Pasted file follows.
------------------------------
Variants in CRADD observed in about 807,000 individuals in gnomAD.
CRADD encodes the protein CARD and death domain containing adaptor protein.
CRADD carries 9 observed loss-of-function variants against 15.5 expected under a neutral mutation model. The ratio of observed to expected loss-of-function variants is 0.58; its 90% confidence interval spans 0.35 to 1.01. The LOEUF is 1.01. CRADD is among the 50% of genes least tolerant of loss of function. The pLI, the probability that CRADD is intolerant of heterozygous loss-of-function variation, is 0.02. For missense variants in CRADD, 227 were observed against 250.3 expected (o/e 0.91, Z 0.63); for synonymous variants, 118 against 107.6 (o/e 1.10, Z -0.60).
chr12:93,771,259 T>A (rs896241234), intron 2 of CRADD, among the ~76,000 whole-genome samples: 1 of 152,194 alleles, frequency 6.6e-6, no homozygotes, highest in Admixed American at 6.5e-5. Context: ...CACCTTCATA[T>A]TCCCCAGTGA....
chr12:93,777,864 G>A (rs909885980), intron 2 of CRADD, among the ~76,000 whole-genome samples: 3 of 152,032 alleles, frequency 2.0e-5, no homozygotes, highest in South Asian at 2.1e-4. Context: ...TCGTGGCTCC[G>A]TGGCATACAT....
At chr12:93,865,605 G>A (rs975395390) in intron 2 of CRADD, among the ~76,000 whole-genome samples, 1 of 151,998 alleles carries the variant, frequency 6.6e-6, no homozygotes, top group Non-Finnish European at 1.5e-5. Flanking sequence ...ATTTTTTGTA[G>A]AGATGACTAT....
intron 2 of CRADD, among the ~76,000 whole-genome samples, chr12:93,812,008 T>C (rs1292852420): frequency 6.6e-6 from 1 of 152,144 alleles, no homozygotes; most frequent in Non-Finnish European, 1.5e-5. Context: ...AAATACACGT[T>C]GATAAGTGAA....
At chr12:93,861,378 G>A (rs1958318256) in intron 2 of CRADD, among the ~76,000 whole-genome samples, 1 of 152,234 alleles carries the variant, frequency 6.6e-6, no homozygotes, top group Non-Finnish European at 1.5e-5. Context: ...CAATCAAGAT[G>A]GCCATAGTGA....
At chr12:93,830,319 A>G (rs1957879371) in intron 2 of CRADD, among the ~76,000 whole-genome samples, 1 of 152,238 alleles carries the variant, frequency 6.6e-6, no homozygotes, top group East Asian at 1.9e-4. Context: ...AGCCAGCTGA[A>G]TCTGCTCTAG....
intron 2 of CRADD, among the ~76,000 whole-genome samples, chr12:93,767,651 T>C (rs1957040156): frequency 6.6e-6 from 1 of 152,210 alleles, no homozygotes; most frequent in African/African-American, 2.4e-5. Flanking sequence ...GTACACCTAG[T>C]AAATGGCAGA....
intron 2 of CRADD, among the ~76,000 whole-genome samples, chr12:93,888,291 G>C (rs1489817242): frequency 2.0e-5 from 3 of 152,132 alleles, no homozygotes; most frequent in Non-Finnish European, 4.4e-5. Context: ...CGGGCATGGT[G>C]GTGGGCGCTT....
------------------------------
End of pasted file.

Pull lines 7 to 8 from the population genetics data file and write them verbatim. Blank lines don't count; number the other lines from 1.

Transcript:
intron 2 of CRADD, among the ~76,000 whole-genome samples, chr12:93,812,008 T>C (rs1292852420): frequency 6.6e-6 from 1 of 152,144 alleles, no homozygotes; most frequent in Non-Finnish European, 1.5e-5. Context: ...AAATACACGT[T>C]GATAAGTGAA....
At chr12:93,861,378 G>A (rs1958318256) in intron 2 of CRADD, among the ~76,000 whole-genome samples, 1 of 152,234 alleles carries the variant, frequency 6.6e-6, no homozygotes, top group Non-Finnish European at 1.5e-5. Context: ...CAATCAAGAT[G>A]GCCATAGTGA....